It was 2007 and I was about to graduate from college with a B.A. in hand. I actually skipped the traditional cap and gown for a 50s inspired red and white polka dot dress and a pair of sunglasses but that would happen a few months down the line from one of the biggest collegiate staged queer shows in the country. The “Queer Fashion Show” had actually started out when some gay men decided to host a fashion show to show off their designs. Well, one thing led to another and soon the it became a blowout extravaganza with a cast exceeding 100 and an array of dance, film, song, spoken word, skits, and maybe one fashion entry a year. It was where you wanted to be if you were out in the redwoods of Santa Cruz.

I had been part of previous casts. I danced in a queer retelling of “The Taming Of The Shrew” rebranded as “The Taming Of The Gay” in which a homophobic king reigns over the land with “gaygents” who always entered and danced to Prodigy monitored the kingdom for gay activity, including that of the young prince. In a stunning turn of events, one of the “gaygents” was actually the superheo (and director and choreographer of the piece) SUPERGAY who leads a team of rainbow clad freedom operatives to take on the gaygents, free the prince, and then marry him in a double ceremony with his lesbian sister.

I was also in a piece titled “Drag King Divas” where a huge gender queer cast performed in ruffled tux shirts, oversized bowties, and superfag dance steps to Motown hits. For my time on the catwalk I went to FU Tattoo and got myself a corset piercing by Pat Blackstorm who was a great piercer and willing to work with my weird situation. Another project was about body image and I was in a cast split into those of nearly naked and covered in trashbags thrown out onto the catwalk and ripped out of the bags to be shamed for our obvious flaws and adorned with giant signs before we revolt and tear everything up in an act of self-love and teamwork. That piece was the subject of a parody the following year which was a source of needed humor.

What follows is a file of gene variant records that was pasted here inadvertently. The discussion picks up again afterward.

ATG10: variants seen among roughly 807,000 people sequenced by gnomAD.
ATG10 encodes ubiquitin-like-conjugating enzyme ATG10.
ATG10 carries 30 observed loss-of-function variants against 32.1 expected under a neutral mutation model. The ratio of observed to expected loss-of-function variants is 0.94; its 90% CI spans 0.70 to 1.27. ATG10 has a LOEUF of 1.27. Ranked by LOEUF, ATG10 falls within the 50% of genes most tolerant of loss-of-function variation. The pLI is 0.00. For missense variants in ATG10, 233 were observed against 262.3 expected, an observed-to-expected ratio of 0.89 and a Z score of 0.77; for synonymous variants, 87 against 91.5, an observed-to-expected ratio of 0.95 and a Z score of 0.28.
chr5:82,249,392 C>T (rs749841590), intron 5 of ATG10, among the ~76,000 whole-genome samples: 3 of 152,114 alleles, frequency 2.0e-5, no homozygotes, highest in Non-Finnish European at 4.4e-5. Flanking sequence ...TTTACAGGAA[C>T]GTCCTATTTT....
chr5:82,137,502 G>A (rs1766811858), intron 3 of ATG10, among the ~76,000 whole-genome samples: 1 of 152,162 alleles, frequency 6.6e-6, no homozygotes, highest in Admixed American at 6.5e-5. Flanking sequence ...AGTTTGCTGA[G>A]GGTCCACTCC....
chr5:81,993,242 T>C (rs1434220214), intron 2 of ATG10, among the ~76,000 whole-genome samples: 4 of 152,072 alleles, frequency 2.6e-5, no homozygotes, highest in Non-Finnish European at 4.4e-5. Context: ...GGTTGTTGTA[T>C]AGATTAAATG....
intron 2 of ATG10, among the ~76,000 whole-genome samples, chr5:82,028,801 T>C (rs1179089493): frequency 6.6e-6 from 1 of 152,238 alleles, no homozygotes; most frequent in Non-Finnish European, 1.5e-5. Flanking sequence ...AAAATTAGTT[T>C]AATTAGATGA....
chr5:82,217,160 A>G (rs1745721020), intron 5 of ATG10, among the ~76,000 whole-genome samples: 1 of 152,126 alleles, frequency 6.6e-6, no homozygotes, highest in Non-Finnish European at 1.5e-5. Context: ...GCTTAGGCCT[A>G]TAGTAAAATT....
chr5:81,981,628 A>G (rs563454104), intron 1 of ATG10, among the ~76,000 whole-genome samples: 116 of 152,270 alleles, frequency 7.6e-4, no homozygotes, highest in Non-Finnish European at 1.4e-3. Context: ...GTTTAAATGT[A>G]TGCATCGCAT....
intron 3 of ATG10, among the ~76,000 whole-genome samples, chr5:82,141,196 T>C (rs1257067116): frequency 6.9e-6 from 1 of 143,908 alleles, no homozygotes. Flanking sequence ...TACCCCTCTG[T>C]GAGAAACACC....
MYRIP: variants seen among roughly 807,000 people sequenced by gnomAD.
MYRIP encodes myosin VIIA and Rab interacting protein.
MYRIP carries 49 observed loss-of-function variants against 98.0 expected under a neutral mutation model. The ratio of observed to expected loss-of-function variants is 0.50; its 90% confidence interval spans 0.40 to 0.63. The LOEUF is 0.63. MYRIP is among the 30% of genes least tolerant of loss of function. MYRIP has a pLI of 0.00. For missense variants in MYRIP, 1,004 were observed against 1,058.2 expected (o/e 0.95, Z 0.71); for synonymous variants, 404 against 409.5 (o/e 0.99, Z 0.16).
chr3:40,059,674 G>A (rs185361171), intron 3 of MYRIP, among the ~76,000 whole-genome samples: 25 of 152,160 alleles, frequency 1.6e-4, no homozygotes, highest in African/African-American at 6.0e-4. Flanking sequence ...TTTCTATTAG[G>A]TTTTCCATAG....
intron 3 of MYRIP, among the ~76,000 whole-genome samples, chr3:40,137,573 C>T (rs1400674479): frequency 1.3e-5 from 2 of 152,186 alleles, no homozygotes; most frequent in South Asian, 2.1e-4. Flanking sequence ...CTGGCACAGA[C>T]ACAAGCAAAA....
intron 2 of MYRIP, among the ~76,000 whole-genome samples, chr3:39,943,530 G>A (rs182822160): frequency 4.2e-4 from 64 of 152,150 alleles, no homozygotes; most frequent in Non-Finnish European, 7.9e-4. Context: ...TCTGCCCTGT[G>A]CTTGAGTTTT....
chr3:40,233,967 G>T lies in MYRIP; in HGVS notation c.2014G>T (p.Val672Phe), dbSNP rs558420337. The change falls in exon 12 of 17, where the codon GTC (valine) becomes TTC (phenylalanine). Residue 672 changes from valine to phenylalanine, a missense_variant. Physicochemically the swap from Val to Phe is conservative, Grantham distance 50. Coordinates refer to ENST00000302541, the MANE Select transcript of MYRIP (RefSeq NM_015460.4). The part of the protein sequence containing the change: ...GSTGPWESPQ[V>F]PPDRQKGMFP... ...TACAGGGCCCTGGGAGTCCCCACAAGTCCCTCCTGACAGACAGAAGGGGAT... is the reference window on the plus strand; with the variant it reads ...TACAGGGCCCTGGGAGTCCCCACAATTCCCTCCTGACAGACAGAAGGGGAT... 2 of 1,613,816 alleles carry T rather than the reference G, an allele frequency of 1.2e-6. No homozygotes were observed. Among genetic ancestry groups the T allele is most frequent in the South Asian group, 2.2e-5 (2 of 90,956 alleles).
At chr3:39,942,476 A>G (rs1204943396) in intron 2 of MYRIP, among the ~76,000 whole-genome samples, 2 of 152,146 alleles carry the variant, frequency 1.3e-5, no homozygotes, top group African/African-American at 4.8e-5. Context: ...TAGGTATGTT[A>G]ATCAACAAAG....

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Filed under About me, art, community, culture, poly, queer, sexuality, theater

“What do you care what other people think!”

Rocking a Feynman diagram necklace by Surly Amy, image links to her shop!

One of my favorite scientists is Richard Feynman. I’m a HUGE fan. His work in physics was an vital stepping stone in our understanding of particle behavior but his process of working and the personality he brought is what continues to endear him to me. As a hardcore fucking nerd, I’ve always loved the way geeks fall in love. There are a lot of unscrupulous scientists who have committed horrible deeds and I grieve the way a lot of our collective knowledge has been uncovered and implemented. Still, the study of science has always been scrutinized and dehumanized. When it uncovered information that counters the prevailing cultural climate, it’s the science and the people who identified it, who are castigated.

Making fun of “four-eyed” nerds is a lighter form of the systemic torture, incarceration, and murder of knowledge seekers that has plagued humanity for a long time. I think its remnants are seen in the way we dehumanize geeks and nerds as those who could never get laid and certainly never fall in love or get googly eyed and read poetry and enjoy living life. Prejudice and privilege are why we haven’t just sorted out resources (we have enough, we really do) to ensure that all humans get to eat nutritious food, receive medical care and vaccinations so they can live beyond the age of 5, have access to our bodies of collected wisdom and knowledge, have a safe place to sleep, and get a chance to experience play and pleasure so that we can all live in peace and explore the universe together. We could, you know. It pisses me off that we act like it’s just inevitable that don’t. Inevitable is a stupid word for human behavior, any way. Not even William Gibson saw iPhones coming.